BY MARY GRACE GARIS IN WELL + GOOD
Not to brag, but I think I’m on my way to winning the gold medal in emotional resilience.
Emotional resilience, ICYMI, is the ability to adapt to a stressful change or recover from a painful experience efficiently, and my year has had plenty of that. But, uh, is there a way to toughen up yourself up emotional without going through traumatic events?
Well, like a paralyzing fear of change, research long suggested the emotional resilience was something relatively genetic or inherited. My suspicion: if you’re highly neurotic like me, the predisposition to be resilient is not really there. Like, you fear change, and then you cry about it. The good news, though, is that you can build up emotional resilience like you can build up washboard abs (I mean I can’t, but someone can). In fact, there are courses in the United Kingdom and New Zealand that teach emotional resilience. If you don’t have the cash for a plane ticket, though, we do have some advice on hand.
To psychologist Helene Brenner, PhD, author of I Know I’m In There Somewhere, emotional resilience isn’t about effortlessly bouncing back from disaster with a big grin on your face. It’s about exerting emotional control in a healthy way.
“You’re human, you have emotions for a purpose,” says Dr. Brenner. “Often, resilience is more like quick recovery. You’re thrown off balance, but you feel it, you go through it, but you bounce back pretty quickly. You get knocked over, you hurt, you spin, maybe you feel like you’ve lost it for a short time—but then you find your balance and move forward.”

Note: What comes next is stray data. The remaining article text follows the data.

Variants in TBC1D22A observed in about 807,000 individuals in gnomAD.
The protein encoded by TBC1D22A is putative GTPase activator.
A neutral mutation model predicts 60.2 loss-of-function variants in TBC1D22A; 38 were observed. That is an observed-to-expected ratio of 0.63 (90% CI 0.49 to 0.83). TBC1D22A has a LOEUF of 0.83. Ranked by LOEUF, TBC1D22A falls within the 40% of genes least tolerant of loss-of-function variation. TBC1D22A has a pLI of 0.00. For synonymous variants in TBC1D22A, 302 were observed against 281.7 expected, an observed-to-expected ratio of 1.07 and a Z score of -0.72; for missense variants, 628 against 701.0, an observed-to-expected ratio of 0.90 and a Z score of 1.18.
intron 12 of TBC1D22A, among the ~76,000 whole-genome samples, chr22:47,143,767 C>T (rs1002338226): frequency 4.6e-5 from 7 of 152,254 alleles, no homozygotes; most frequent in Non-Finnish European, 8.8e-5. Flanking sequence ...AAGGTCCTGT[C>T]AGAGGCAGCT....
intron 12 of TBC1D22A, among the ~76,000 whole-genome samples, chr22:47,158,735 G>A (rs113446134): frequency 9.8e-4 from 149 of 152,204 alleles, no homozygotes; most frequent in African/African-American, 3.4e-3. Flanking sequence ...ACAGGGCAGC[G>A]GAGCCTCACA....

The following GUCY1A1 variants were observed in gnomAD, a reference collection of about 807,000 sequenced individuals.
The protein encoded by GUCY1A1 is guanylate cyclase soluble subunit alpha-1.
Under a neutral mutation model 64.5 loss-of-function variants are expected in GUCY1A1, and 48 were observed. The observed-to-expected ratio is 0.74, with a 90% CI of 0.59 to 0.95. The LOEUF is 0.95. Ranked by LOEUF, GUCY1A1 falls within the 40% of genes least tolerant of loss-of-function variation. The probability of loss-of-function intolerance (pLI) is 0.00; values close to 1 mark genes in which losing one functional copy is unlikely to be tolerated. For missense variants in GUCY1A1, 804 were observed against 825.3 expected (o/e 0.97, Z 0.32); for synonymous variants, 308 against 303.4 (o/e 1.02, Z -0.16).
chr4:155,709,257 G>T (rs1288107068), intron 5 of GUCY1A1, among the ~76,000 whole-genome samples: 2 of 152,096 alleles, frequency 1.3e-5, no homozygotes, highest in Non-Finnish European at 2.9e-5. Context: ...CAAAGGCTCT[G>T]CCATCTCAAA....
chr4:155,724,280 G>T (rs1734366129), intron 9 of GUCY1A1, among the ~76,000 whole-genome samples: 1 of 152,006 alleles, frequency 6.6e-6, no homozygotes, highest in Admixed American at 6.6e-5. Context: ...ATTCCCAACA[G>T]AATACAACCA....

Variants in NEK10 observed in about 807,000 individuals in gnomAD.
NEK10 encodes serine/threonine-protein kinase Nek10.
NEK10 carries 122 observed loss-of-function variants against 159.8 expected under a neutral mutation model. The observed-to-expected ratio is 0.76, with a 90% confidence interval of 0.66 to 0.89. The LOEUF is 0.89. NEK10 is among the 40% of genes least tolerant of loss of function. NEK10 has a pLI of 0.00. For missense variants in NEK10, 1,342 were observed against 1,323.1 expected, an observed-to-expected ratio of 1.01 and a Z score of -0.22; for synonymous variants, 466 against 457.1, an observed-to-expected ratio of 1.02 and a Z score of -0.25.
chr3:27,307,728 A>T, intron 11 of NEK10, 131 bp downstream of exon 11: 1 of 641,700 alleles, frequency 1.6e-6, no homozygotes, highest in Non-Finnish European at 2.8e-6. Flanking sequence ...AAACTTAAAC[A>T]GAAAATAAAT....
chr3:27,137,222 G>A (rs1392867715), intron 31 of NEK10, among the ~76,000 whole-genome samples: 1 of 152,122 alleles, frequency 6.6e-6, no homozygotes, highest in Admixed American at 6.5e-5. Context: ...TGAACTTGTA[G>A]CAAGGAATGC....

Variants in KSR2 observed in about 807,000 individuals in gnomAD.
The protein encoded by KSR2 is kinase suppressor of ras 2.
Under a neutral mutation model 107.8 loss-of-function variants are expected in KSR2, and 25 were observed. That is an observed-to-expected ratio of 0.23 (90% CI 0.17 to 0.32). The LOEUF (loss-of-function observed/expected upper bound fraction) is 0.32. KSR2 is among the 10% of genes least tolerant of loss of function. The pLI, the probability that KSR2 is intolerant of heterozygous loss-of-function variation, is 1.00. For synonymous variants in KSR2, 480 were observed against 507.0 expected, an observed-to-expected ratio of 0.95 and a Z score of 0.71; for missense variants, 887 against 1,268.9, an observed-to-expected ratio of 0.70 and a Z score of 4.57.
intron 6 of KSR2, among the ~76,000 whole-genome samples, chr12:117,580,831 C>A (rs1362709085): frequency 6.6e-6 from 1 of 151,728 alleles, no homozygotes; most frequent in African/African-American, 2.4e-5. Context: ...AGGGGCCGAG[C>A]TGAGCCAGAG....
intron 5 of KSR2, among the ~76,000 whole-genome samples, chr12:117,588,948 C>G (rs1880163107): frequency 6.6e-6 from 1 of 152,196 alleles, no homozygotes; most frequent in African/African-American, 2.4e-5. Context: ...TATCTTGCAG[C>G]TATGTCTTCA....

Essentially, it’s not simply about being so tough nothing phases you, but rather it’s about learning how to be vulnerable when appropriate—which in turn makes you stronger.
Learn how to share your emotions and keep yourself grounded
I’m learning to do this a lot in therapy: share what my feelings are, realize they’re valid, but acknowledge they’re also not indicative of any reality but my own. You don’t need to be in therapy to realize this, though it always helps; having at least one trusted friend you can healthily vent to is what matters.
“If you can, share your feelings with someone who is safe, who can accept them nonjudgmentally,” say Dr. Brenner. “Share them as feelings, not as facts. If you’re thinking or feeling something awful, you can tell people that you know it’s ‘irrational,’ but it’s how you’re feeling right now. Accept your feeling and let it be, let it flow, but don’t mistake it for something permanent and altogether factual and objective.”
Train at being smart and “mindful” about your feelings
While you’re navigating the emotional waters of All The Feels, it’s important to recognize where the negative emotion comes from. Break it down into little parts. Sadness, for example, is typically about loss and grief; if you find yourself all blue about something, try to unravel what you’re afraid you lost. You can apply the same unraveling technique to anger.